Guatemala is located in the Central American Isthmus and has a territorial extension of 108.889 km2. The country borders to the Northwest with Mexico, to the East with Belize and the Gulf of Honduras, to the Southeast with Honduras and El Salvador and to the South with the Pacific Ocean. The territory is divided into 22 Departments and 333 Municipalities. The capital is Guatemala City, located at 1.500 meters above sea level (FAO, 2009).
The country is crossed from west to east by a mountainous chain of volcanic origin called Sierra Madre with altitudes between 1,000 and 4,220 meters above sea level. In physiographic terms the highlands of the center are in contrast to the lowlands of the Pacific Ocean to the south, and to the lowlands of the northern coast of the Caribbean Sea (deGuate.com, 2007). Its territory is characterized by lakes and rivers which drain both to the Pacific Ocean, and to the Caribbean Sea. Given these natural resources the country has a great potential, among others, for hydroelectric power and irrigation systems for agriculture. More than 93 billion of cubic meters of water is available annually, which translates to more than 7,000 cubic meters of water available to each person. In 2006, the Guatemalan economy used only 34% of those sources and just 15% of that for power generation (IARNA, 2009).
The Guatemalan case study was conducted in the municipality of Cabricán, in the Western Highlands of the country. The research team sought the views of several communities in order to understand the impact of climate change and rainfall variability on their livelihoods, and the way in which rainfall variability, livelihood and food security influence their migration patterns as an adaptive strategy in response to climate change.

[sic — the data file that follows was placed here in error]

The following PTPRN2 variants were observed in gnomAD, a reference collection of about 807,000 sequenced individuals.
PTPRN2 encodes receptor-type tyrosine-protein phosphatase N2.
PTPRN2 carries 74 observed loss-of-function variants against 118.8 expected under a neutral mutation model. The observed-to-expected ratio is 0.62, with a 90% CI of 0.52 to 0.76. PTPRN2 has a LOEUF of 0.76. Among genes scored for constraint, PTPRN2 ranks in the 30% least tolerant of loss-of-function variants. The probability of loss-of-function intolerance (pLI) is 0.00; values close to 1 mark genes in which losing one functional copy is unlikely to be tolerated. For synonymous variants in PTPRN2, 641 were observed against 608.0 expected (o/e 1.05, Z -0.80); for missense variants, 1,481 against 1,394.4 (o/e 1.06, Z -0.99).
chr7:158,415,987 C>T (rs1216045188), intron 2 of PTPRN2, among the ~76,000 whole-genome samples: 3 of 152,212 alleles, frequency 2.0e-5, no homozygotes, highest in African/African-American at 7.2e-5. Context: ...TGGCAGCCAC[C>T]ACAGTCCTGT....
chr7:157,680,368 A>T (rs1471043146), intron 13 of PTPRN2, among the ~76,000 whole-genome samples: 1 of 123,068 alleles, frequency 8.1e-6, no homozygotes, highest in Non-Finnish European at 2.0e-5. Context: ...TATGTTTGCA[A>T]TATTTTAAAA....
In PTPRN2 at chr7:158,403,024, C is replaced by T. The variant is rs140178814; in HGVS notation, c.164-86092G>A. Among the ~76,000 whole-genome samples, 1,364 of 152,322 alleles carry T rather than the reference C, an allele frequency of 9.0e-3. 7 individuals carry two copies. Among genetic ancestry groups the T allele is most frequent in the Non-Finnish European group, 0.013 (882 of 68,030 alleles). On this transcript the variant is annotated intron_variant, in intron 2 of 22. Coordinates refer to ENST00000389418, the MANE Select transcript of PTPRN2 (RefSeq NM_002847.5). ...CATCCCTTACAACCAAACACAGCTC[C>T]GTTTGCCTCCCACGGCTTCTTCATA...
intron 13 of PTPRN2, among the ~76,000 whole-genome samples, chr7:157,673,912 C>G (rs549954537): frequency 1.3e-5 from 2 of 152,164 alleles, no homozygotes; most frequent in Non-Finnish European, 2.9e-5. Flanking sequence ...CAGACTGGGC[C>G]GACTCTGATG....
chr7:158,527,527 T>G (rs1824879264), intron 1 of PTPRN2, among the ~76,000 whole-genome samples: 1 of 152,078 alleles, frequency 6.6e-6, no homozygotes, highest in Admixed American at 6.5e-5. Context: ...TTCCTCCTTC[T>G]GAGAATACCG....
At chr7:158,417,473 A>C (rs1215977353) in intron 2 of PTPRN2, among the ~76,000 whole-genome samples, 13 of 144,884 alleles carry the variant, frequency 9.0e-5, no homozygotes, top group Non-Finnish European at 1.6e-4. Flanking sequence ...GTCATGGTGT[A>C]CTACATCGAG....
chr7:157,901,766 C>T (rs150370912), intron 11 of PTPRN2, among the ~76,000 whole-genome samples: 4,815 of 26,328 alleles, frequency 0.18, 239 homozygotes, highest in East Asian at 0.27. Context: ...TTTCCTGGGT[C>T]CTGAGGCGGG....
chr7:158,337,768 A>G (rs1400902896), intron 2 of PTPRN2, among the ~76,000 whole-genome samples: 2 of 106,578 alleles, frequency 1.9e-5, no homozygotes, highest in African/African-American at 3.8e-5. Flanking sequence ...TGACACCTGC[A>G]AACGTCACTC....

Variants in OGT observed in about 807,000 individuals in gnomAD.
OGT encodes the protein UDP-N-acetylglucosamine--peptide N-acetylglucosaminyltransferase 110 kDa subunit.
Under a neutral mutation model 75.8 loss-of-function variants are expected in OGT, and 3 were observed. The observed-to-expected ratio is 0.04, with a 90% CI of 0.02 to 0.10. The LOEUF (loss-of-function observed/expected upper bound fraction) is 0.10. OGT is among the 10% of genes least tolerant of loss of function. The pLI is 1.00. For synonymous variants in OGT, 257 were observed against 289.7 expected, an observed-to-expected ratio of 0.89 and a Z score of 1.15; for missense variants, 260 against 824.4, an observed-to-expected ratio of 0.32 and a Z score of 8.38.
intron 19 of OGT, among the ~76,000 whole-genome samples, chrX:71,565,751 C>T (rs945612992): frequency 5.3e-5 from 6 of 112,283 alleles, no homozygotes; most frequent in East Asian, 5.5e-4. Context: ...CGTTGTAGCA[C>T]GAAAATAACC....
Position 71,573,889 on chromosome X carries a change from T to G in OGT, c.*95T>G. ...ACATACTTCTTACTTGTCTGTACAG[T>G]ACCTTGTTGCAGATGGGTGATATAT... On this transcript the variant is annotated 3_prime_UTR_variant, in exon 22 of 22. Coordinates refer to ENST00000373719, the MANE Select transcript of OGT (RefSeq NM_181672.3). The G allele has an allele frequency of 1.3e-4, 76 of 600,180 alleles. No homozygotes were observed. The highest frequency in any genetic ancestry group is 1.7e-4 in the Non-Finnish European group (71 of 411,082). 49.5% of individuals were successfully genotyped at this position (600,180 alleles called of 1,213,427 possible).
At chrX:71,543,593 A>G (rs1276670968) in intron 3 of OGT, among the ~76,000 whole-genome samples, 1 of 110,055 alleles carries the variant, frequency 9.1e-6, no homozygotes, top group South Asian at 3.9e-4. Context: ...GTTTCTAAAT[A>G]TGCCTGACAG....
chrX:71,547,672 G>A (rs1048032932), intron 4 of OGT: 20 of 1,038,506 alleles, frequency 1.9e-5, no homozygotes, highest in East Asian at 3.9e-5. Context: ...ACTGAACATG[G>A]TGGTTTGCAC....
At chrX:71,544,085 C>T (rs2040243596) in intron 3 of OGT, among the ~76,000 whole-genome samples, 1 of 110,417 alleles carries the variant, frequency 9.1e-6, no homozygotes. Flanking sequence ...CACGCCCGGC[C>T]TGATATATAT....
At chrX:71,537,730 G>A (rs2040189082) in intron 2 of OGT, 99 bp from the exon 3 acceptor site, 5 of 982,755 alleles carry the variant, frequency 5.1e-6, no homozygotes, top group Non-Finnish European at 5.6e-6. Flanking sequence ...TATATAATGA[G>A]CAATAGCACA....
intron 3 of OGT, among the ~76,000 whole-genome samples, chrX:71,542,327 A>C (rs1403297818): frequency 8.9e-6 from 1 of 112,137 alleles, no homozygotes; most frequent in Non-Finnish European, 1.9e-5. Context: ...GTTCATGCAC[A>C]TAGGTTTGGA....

Populations in the research area heavily dependent on the yearly corn harvest which is obtained through a crop sub-system called milpa with the presence of corn, beans, lime beans and ayote. The agricultural diversification strategy is not limited to associating several crops; it also consists of producing more than one genotype of each of them. The most common non-agricultural diversification strategy is weaving, but the population does not own the machinery or the final product and is only paid for their labor. In times of food shortage (or lack of money), people usually sell livestock.
Residents of the area emphasized that changes in rainfall are qualitative more than quantitative, meaning that the frequency of rainfall is lower but its intensity is higher, so the overall amount of rainfall is perceived to be more or less unchanged (and the perception was confirmed by the experts interviewed). Moreover, the rainy season is shorter, canículas (typically the hottest days of summer occuring in July and August in the Northern Hemisphere) are disappearing, and rainfall, frosts and hails are less predictable than they used to be.
In the past, and for more than a decade, seasonal migration has been very common– mostly toward the Southern Coastline, where all the cotton, rubber, coffee and other exporting crops are located. While migration had been mostly to the US, with New York and Los Angeles being the most common destinations, this trend has decreased in the last five to six years. A lesser proportion of the population migrates to Quetzaltenango and Guatemala City.
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